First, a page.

We need to get moving.

Let’s Move! has an ambitious but important goal: to solve the epidemic of childhood obesity within a generation.
Let’s Move will give parents the support they need, provide healthier food in schools, help our kids to be more physically active, and make healthy, affordable food available in every part of our country.

Join First Lady Michelle Obama, community leaders, teachers, doctors, nurses, moms and dads in a nationwide campaign to tackle the challenge of childhood obesity. Learn more and join us.

Watch video and read more.

Friday, April 9, 2010

Sue Scheff: Operation Medicine Cabinet

Rid your medicine cabinet of unused, unnecessary or expired prescription medication immediately. You can do so by participating in one of our prescription drug "take back" programs. Participants can drop off prescription drugs with no questions asked and receive a $5.00 gift card to local stores and pharmacies. For information about when and where BSO will hold its next "take back" program, download our schedule.

Read more here.

Tuesday, April 6, 2010

Sue Scheff: The War on Moms - On Life in a Family-Unfriendly Nation

The WAR on MOMS
On Life in a Family-Unfriendly Nation

By Sharon Lerner

This book is coming soon and one many parents will dive into.

Why life is harder on American families than it's been in decades—the book that takes the blame away from moms and puts it where it really belongs

Pressed for time and money, unable to find decent affordable daycare, wracked with guilt at falling short of the mythic supermom ideal-working and non-working American mothers alike have it harder today than they have in decades, and they are worse off than many of their peers around the world. Why? Because they're raising their kids in a family-unfriendly nation that virtually sets them up to fail. The War on Moms exposes the stress put on families by an outdated system still built around the idea that women can afford not to work. It tells the truth that overworked, stressed-out American moms need to hear—that they're not alone, and they're not to blame.

  • Exposes a lack of reasonable and flexible work opportunities as the real cause of the supposed rift between employed and stay-at-home mothers
  • Explodes the myths about supermoms, slacker dads, opt-out moms, bootstrap moms, daycare options, and make-money-from-home scams
  • Uncovers the widespread, brutal reality of having no paid maternity leave
  • Offers portraits of real women—across social classes and across the country—who are struggling with issues that will strike a familiar chord with most Americans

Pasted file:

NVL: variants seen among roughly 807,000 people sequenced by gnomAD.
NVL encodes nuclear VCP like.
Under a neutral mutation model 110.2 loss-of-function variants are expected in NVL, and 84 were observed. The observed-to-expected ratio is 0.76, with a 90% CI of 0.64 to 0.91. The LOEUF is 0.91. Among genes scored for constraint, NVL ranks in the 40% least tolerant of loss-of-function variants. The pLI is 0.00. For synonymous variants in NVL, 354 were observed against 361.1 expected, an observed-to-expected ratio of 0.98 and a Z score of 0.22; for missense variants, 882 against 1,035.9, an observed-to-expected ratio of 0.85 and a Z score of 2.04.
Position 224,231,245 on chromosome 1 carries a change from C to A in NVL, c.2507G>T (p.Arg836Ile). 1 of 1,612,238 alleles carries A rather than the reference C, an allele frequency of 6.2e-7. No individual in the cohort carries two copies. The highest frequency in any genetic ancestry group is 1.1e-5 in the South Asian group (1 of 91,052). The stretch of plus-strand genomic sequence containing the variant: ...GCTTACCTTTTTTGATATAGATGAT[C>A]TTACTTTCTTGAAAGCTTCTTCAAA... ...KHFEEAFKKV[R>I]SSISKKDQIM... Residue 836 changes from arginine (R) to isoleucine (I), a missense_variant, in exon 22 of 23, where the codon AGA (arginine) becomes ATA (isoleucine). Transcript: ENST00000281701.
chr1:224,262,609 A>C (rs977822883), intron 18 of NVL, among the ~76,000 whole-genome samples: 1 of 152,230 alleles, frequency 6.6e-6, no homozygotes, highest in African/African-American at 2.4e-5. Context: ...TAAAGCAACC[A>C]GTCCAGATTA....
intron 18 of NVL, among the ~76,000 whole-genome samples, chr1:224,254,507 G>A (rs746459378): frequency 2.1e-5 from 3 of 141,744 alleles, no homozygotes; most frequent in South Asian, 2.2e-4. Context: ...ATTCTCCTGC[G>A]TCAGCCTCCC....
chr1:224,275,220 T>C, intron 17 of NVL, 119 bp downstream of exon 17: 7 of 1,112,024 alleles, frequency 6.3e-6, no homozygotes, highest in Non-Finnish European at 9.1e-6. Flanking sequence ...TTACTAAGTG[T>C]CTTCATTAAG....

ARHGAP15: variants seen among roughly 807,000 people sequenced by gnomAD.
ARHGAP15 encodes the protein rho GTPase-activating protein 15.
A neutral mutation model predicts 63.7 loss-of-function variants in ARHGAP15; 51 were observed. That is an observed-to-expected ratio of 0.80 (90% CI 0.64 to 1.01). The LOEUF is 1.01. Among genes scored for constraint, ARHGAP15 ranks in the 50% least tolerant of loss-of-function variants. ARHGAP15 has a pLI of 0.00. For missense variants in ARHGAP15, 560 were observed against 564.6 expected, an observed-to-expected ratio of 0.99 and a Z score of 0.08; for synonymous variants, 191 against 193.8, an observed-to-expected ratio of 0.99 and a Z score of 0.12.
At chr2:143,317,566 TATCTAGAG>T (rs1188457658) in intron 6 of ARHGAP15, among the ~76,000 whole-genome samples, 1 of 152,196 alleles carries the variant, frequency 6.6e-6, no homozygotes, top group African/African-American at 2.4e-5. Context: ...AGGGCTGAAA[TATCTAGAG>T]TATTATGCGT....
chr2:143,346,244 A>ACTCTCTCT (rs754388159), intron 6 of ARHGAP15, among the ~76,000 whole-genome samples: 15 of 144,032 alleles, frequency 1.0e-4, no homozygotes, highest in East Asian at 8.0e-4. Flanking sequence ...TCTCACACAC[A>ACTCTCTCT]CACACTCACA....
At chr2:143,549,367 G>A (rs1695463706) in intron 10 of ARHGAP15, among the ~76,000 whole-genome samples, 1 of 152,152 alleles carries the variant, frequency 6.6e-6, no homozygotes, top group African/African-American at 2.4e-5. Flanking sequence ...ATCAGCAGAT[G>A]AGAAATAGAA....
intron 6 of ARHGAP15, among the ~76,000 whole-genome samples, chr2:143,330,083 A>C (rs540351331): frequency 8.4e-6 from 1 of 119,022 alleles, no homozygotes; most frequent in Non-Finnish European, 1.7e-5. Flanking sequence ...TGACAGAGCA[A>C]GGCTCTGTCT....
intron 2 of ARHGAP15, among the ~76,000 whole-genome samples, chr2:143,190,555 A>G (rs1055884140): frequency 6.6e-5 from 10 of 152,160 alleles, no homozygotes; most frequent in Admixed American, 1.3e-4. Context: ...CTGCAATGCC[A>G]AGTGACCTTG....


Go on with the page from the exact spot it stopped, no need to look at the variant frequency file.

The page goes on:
• Explains why American women have it hard and why it's not going to get any easier until the country dramatically changes course
The War on Moms turns the "mommy wars" debate on its head by arguing that a mother's real "enemy" is not other women, but a nationwide indifference to the cultural and economic realities facing parents and families in the United States today.

Pre-order today on Amazon.  Place title in box on the sidebar.

Monday, April 5, 2010

Sue Scheff: Walk With Me Broward - 2010

Easter Seals has many events to raise money and awareness to those with disabilities. Coming soon is Walk With Me Broward 2010! This is a great experience for the entire family. On April 24th, 2010 at Markum Park in Weston, there will be a 5K Family Fun Walk.
Registration begins at 8:00am and the walk begins at 9:00am.

Money raised through Easter Seals Walk With Me will support a variety of local services in South Florida including: Children's Therapy Services; programs for children with autism spectrum disorder; Child Development Center; Culinary Arts High School program; Adult Day Care for individuals with Alzheimer's disease and memory loss; and in-home respite care.

For more information contact Paula Mejia at 305.547.4713 or pmejia@sfl.easterseals.com .

Saturday, April 3, 2010

Sue Scheff: FORTALICE, LLC ® HOW SAFE IS YOUR FORT? Keeping YOU safe in Cyberspace

Theresa Payton, (pictured), is passionate about keeping people, business and children safe online.  Her business, Fortalice, LLC located in Charlotte, NC is part of help you keep your business secure from fraud and other deceptive online practices.

A Consulting and Partnership Business


Keeping companies and our country safe, one person and one company at a time.

While serving as the White House Chief Information Officer from 2006-2008, Theresa realized that more needed to be done to protect people, companies, and the government from cybercreeps.

Proven Framework - We provide Security, Risk and Fraud Consulting services that will help you strengthen your organization's security and risk exposure.

Join her on Facebook and Twitter and keep up-to-date with keeping you and your business secure!

Learn more at http://www.fortalicesolutions.com/Home.

Thursday, April 1, 2010

Sue Scheff: April is Sexual Assault Awareness Month

About the Campaign

The April 2010 Sexual Assault Awareness Month campaign focuses on preventing sexual violence on higher education campuses. College students experience disproportionately high rates of sexual violence – 1 in 5 college women will be a victim of sexual assault by the time she graduates. In addition to serving the many survivors on campus, there exists an opportunity for prevention and social change that will have a lasting effect on students throughout their lives. This year’s SAAM brings together resources and information across a variety of campus-related topics, with an emphasis on incorporating primary prevention efforts into the work. The campaign is built around the Spectrum of Prevention framework, developed by Larry Cohen of the Prevention Institute, that places public health problems, including sexual violence, within a larger context, beyond individual behaviors, to highlight the community and societal factors that influence the issue.

The document entitled “Sexual Assault Awareness Month and the Spectrum of Prevention is the centerpiece of the 2010 campaign and includes information on how to use the Spectrum strategically in planning SAAM and prevention efforts on campus. We strongly encourage you to read through this document first. However, below you will also find level-specific information if you prefer to review the information that way. We have arranged all other new resources for 2010 according to level of the Spectrum, below.

If you would like a CD with all of the 2010 resources, or have additional questions, please contact the NSVRC at 1-877-739-3895, or resources@nsvrc.org